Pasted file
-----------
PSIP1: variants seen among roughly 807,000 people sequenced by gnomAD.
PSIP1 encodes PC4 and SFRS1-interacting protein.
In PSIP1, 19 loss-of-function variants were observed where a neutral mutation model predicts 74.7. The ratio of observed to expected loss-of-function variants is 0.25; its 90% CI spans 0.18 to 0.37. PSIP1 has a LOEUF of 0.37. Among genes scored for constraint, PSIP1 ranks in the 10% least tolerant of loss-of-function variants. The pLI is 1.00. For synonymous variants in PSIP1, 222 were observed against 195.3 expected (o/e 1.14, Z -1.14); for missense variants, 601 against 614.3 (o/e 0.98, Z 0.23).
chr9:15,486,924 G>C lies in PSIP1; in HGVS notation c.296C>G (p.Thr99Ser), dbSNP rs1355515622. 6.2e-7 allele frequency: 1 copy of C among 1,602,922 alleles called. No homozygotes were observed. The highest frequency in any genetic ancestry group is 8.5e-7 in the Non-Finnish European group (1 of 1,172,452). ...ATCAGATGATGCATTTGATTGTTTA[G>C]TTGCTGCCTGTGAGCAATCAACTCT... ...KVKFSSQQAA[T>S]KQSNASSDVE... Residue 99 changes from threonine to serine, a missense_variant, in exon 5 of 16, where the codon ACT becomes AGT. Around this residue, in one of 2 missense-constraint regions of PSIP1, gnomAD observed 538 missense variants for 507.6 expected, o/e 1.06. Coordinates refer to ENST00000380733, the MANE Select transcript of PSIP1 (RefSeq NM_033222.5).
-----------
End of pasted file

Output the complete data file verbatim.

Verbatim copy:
PSIP1: variants seen among roughly 807,000 people sequenced by gnomAD.
PSIP1 encodes PC4 and SFRS1-interacting protein.
In PSIP1, 19 loss-of-function variants were observed where a neutral mutation model predicts 74.7. The ratio of observed to expected loss-of-function variants is 0.25; its 90% CI spans 0.18 to 0.37. PSIP1 has a LOEUF of 0.37. Among genes scored for constraint, PSIP1 ranks in the 10% least tolerant of loss-of-function variants. The pLI is 1.00. For synonymous variants in PSIP1, 222 were observed against 195.3 expected (o/e 1.14, Z -1.14); for missense variants, 601 against 614.3 (o/e 0.98, Z 0.23).
chr9:15,486,924 G>C lies in PSIP1; in HGVS notation c.296C>G (p.Thr99Ser), dbSNP rs1355515622. 6.2e-7 allele frequency: 1 copy of C among 1,602,922 alleles called. No homozygotes were observed. The highest frequency in any genetic ancestry group is 8.5e-7 in the Non-Finnish European group (1 of 1,172,452). ...ATCAGATGATGCATTTGATTGTTTA[G>C]TTGCTGCCTGTGAGCAATCAACTCT... ...KVKFSSQQAA[T>S]KQSNASSDVE... Residue 99 changes from threonine to serine, a missense_variant, in exon 5 of 16, where the codon ACT becomes AGT. Around this residue, in one of 2 missense-constraint regions of PSIP1, gnomAD observed 538 missense variants for 507.6 expected, o/e 1.06. Coordinates refer to ENST00000380733, the MANE Select transcript of PSIP1 (RefSeq NM_033222.5).